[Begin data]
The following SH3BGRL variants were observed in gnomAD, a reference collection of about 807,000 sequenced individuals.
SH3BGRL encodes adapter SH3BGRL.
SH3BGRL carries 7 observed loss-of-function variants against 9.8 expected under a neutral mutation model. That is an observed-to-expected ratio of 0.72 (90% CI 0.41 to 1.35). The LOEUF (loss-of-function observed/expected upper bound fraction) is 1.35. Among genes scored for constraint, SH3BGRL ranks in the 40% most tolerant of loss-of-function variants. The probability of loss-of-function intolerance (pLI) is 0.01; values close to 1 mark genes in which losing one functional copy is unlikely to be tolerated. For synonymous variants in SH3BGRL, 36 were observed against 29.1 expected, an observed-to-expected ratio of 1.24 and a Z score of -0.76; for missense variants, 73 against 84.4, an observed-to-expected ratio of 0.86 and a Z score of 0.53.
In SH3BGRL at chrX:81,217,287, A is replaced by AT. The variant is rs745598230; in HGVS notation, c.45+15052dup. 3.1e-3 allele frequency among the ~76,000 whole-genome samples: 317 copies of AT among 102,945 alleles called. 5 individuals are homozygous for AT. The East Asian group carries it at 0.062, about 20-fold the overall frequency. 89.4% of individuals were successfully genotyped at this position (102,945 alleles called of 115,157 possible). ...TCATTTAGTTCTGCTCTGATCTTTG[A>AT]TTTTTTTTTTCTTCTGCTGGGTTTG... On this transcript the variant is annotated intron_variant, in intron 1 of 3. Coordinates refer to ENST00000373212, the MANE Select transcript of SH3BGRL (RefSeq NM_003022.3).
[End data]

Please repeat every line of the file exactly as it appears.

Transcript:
The following SH3BGRL variants were observed in gnomAD, a reference collection of about 807,000 sequenced individuals.
SH3BGRL encodes adapter SH3BGRL.
SH3BGRL carries 7 observed loss-of-function variants against 9.8 expected under a neutral mutation model. That is an observed-to-expected ratio of 0.72 (90% CI 0.41 to 1.35). The LOEUF (loss-of-function observed/expected upper bound fraction) is 1.35. Among genes scored for constraint, SH3BGRL ranks in the 40% most tolerant of loss-of-function variants. The probability of loss-of-function intolerance (pLI) is 0.01; values close to 1 mark genes in which losing one functional copy is unlikely to be tolerated. For synonymous variants in SH3BGRL, 36 were observed against 29.1 expected, an observed-to-expected ratio of 1.24 and a Z score of -0.76; for missense variants, 73 against 84.4, an observed-to-expected ratio of 0.86 and a Z score of 0.53.
In SH3BGRL at chrX:81,217,287, A is replaced by AT. The variant is rs745598230; in HGVS notation, c.45+15052dup. 3.1e-3 allele frequency among the ~76,000 whole-genome samples: 317 copies of AT among 102,945 alleles called. 5 individuals are homozygous for AT. The East Asian group carries it at 0.062, about 20-fold the overall frequency. 89.4% of individuals were successfully genotyped at this position (102,945 alleles called of 115,157 possible). ...TCATTTAGTTCTGCTCTGATCTTTG[A>AT]TTTTTTTTTTCTTCTGCTGGGTTTG... On this transcript the variant is annotated intron_variant, in intron 1 of 3. Coordinates refer to ENST00000373212, the MANE Select transcript of SH3BGRL (RefSeq NM_003022.3).